Thank you again for all of this feedback. We joined this forum to work with you directly and support high-quality data with your expertise. We are always willing to share and answer any questions you have. My sole focus at Facebook is on OSM, so you will reach me and my team directly if you talk to us through these discussion posts or email us at email@example.com (please email if you need a quicker response). Our goal is your goal: to efficiently and accurately create maps powered by our community.
We look forward to continuing to share our derived data so the community can work together to create high-quality maps. We will be sharing sample data with the community next week via the import list. Following that, we’ll share the area we hope to start mapping in Thailand through this forum.
We are currently using the HOT Tasking Manager and iD tool and are working to share our editions/changes to these tools as well. Stay tuned.
Thanks to Kevin for clarifying the intentions and philosophy of DigitalGlobe. We are indebted to the people who produce the satellite imagery we use every day and without which we would be lost.
Drish, I wonder if the iD editor is the best one to use for this project. I am not all that familiar with it but the few times I have used it, I found it very limiting. The learning curve is steeper but I think using JOSM will save time and prevent problems in the end. It is very customizable. One can create and use “presets” for example, that make data entry more uniform. In an effort like yours, where many people are adding similar data, you don’t want some of them to tag an object one way while some others choose a different tagging scheme. Also, tagging an object with a preset requires only a couple of keystrokes no matter how many tags are involved.
It’s your project and your decision might need to weigh other important factors. Many of the most prolific contributors to OSM use Potlatch or iD so you are in fine company in that regard. Still, I feel that you might as well be using the most powerful and flexible OSM editor available and that is, unquestionably, JOSM.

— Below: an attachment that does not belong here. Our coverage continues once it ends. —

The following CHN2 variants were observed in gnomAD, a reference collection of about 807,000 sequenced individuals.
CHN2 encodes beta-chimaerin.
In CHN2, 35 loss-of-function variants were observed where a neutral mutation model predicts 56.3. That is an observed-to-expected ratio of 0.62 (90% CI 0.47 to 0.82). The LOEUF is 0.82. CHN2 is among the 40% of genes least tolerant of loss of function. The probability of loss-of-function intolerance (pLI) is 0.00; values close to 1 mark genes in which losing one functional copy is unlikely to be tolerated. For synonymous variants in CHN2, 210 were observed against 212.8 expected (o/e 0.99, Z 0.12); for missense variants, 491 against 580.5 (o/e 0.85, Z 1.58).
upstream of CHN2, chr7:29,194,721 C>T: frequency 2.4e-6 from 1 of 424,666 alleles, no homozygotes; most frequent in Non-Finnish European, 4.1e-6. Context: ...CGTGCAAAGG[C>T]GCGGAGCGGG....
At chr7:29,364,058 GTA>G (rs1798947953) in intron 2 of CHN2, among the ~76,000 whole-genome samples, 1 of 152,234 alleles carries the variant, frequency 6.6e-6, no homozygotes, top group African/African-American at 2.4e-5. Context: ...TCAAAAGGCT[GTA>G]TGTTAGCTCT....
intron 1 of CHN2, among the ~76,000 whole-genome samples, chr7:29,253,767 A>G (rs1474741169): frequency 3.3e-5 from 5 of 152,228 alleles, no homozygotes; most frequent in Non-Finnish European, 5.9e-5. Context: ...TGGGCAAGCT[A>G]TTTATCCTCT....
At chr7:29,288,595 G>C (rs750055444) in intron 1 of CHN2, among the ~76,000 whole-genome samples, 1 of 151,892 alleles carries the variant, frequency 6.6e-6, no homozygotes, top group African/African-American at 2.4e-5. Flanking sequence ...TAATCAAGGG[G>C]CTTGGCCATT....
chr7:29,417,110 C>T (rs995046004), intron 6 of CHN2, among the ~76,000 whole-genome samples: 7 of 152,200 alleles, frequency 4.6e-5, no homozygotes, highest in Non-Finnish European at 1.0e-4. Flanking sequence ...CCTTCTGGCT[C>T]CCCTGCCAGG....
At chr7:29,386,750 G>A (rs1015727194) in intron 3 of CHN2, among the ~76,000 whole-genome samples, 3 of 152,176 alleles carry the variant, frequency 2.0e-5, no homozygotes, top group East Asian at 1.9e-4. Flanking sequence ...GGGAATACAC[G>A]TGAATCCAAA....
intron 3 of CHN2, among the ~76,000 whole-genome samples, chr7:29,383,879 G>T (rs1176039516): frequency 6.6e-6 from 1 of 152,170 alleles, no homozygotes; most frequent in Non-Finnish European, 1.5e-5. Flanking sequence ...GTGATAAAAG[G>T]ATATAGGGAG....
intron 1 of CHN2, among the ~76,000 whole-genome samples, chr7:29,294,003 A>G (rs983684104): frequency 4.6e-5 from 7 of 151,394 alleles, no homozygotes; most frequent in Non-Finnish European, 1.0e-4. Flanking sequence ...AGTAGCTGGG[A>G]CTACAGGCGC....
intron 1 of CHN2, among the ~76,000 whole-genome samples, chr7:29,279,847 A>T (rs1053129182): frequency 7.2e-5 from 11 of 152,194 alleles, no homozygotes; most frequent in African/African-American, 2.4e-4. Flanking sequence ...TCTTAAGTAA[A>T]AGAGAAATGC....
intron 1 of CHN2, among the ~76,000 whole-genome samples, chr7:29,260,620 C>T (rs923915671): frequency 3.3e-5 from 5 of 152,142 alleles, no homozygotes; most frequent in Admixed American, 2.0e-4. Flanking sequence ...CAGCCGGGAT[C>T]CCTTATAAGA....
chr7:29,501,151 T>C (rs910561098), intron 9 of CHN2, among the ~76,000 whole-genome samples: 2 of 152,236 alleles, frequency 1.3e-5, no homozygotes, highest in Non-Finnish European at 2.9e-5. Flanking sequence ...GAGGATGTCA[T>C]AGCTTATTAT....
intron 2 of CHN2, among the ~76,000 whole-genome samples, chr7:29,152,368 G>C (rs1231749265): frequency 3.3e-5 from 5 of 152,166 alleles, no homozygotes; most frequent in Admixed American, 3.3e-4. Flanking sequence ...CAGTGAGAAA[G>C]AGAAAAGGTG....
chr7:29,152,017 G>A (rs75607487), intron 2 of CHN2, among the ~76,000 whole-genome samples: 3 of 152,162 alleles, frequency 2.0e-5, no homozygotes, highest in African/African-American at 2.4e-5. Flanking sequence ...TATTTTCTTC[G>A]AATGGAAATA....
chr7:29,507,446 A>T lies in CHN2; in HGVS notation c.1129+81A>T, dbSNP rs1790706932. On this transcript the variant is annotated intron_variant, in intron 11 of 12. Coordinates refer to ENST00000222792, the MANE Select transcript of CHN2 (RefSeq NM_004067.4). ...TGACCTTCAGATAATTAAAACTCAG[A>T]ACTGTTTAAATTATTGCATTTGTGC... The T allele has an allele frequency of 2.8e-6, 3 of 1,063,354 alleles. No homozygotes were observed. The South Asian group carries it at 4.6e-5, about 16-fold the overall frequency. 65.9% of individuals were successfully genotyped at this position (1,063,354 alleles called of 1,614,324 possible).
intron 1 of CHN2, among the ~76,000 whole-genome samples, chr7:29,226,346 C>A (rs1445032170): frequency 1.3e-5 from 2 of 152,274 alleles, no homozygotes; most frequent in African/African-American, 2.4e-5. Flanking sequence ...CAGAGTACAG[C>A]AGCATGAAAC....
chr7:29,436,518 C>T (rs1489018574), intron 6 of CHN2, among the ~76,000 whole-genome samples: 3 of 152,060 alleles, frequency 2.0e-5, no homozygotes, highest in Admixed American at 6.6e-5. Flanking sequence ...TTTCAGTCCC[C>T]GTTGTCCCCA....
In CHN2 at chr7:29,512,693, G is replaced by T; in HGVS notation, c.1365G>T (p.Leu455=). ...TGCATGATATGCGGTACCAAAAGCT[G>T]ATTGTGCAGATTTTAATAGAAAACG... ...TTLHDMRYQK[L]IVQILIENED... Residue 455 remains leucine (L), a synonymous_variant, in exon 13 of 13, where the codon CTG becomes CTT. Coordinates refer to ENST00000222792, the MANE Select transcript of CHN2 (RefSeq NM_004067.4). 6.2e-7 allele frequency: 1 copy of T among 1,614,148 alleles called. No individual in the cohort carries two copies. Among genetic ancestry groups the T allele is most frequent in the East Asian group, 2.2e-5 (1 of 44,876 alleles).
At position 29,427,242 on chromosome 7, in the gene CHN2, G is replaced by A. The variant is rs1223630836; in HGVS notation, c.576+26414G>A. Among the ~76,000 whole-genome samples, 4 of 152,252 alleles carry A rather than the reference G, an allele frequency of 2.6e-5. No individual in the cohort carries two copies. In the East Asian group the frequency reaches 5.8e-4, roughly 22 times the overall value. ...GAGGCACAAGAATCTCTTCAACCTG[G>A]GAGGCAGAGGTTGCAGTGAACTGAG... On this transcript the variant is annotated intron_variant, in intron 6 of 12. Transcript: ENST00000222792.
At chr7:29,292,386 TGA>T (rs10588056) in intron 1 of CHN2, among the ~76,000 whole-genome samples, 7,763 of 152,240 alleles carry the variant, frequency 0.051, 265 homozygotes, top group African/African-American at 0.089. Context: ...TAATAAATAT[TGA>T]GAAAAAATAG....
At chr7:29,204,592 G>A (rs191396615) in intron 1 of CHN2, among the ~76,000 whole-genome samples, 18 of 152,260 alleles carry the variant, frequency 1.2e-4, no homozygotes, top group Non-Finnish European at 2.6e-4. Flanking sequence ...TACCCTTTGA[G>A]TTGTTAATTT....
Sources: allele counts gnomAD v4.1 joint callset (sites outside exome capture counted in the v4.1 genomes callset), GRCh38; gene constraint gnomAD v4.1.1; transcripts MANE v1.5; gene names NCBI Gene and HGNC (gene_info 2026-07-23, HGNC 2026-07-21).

Another feature of JOSM is the inbuild validator which can detect common mistakes, like crossing ways, not connected way, bad tagging, etc. The Find and To-do plugin can help find and fix errors like this. In computer generated imports like this, you want to be able to automatically detect and fix problems to ensure a high quality of data.
The White Spots on the map of Thailand are still enormously big. Last December in Isaan, I was in places with nothing at all mapped within 10 km from my location. And let’s take a look at the contributors to the map of Thailand: most data were contributed by farangs.
We need some organisations helping us to complete some tasks. Roads, rivers, landuse can be seen on images. Place names, road numbers, shops, hotels, etc. can’t be detected there: we need people on site who will do that. And I hope they’ll more likely be willing to contribute when they see that the map is good (which it isn’t - also Google maps actually isn’t good as it does not differentiate between roads and tracks).